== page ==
• Public meetings and demonstrations were made

Swadeshi Movement

  • Strongest in Bengal (also called as Vandemataram movement in Andhra Pradesh)

  • Opposed British rule

  • Encouraged self-help, swadeshi enterprise, national education and Indian languages

  • Boycott of British institutes and goods

  • Revolutionary violence started

All India Muslim League

  • Formed in Dacca in 1906

  • Supported partition of Bengal

  • Wanted separate electorates for Muslims in 1909

  • Seats in councils were reserved for Muslims

Congress Split in 1907

  • Moderates were opposed to boycott

  • They felt it involved force

  • Dominated by Moderates

  • Later two reunited in 1915

  • Lucknow Pact – b/w Congress and Muslim League was signed to work together for representative government

Growth of Mass Nationalism

  • Involved peasants, tribals, students, factory workers and women

  • WW-I: huge rise in defence expenditure which was imparted on individual income as taxes – led to price rise for common people but businessmen earned huge profits (demand for industrial goods like cloth, jute, iron rails); industries in India expanded, expansion of army (villages pressurized to supply soldiers to be sent abroad)

  • 1917 – Revolution in Russia inspired the local workers

Advent of Mahatma Gandhi

  • 1895 – Established Natal Congress to fight racial discrimination

  • Arrived in India from South Africa in 1915

  • Emerged as mass leader

  • Had contact with various types of Indians: Hindus, Muslims, Parsis and Christians; Gujaratis, Tamils and north Indians; and upper-class merchants, lawyers and workers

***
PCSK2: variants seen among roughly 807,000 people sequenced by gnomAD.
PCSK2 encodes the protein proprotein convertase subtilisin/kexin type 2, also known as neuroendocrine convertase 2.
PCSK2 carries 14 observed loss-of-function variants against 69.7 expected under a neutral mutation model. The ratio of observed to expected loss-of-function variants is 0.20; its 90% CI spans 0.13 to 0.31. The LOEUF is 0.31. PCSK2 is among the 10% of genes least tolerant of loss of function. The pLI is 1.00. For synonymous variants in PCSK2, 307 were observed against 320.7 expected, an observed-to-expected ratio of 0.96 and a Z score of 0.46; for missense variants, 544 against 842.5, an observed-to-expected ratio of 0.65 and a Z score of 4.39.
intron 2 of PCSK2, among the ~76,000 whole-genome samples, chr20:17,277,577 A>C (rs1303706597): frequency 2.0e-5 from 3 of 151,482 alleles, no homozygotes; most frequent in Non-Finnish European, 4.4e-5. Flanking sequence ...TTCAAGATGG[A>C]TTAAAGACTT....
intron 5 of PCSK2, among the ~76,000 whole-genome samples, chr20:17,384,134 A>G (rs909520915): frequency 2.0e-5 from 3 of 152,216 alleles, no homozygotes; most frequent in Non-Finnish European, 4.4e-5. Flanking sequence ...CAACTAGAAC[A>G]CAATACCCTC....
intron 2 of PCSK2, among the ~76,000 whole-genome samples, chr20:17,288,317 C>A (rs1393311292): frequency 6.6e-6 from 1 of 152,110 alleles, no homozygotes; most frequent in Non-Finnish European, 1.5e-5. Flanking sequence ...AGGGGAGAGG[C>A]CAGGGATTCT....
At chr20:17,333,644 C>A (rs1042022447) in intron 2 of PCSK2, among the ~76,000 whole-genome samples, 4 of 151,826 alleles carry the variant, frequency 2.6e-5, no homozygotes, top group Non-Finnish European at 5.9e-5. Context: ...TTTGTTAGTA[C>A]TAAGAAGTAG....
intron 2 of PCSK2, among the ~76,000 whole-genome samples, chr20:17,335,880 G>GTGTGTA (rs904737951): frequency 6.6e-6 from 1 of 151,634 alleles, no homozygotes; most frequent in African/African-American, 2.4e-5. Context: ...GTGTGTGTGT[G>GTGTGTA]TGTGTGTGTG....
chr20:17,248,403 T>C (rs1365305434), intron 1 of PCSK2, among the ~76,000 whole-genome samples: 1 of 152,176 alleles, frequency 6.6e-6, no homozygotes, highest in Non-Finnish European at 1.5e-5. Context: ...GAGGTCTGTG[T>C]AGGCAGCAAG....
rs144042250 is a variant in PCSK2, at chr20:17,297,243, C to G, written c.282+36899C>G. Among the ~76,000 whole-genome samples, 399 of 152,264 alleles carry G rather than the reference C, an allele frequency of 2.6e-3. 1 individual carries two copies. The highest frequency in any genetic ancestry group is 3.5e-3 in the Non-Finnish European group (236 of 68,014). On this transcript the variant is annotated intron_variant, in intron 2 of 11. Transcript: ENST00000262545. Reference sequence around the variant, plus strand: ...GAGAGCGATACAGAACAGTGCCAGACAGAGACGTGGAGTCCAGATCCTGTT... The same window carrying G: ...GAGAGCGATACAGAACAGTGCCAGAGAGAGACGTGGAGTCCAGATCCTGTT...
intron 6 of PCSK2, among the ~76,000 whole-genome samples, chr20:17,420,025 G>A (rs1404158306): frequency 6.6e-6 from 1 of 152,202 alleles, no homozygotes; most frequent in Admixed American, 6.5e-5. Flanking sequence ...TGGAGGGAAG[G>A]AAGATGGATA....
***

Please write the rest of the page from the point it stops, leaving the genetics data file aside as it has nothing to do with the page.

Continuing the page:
• 1st year he travelled throughout India to understand needs

  • Interventions in Champaran, Kheda and Ahmedabad

  • Came in contact with Rajendra Prasad & Sardar Vallabhbhai Patel

  • 1918 – successful mill worker strike in Ahmedabad

Rowlatt Act

  • 1919 – satyagraha against Rowlatt Act (it curbed freedom of expression and strengthened police powers)

  • Criticized by Gandhi and Jinnah as devilish and 6th April as “day of humiliation and prayer” with hartals (strikes)

  • Satyagraha sabhas were set up –against British government but was restricted to cities

  • Jallianwala Bagh atrocities, inflicted by General Dyer in Amritsar on Baisakhi day (13 April), were a part of this repression

  • Tagore renounced the knighthood (honor granted by British Crown for exceptional achievement)

  • Hindus and Muslims were united against the fight

Khilafat Agitation

  • 1920 – British imposed treaty on Turkish Sultan or Khalifa

  • Indian Muslims were keen that the Khalifa be allowed to retain control over Muslim sacred places in the erstwhile Ottoman Empire

  • Led by Mohammad Ali and Shaukat Ali - wished to initiate a full-fledged Non-Cooperation Movement

  • Was supported by Gandhiji

  • Congress to campaign against Jallianwala massacre, Khilafat wrongs and demand swaraj

Non-Cooperation Movement

  • Gained momentum in 1921-22

  • Motilal Nehru, C.R. Das, C. Rajagopalachari and Asaf Ali gave up their law practices

  • British titles were surrendered

  • Legislatures were boycotted

  • Public bonfire of foreign cloth (import reduced drastically)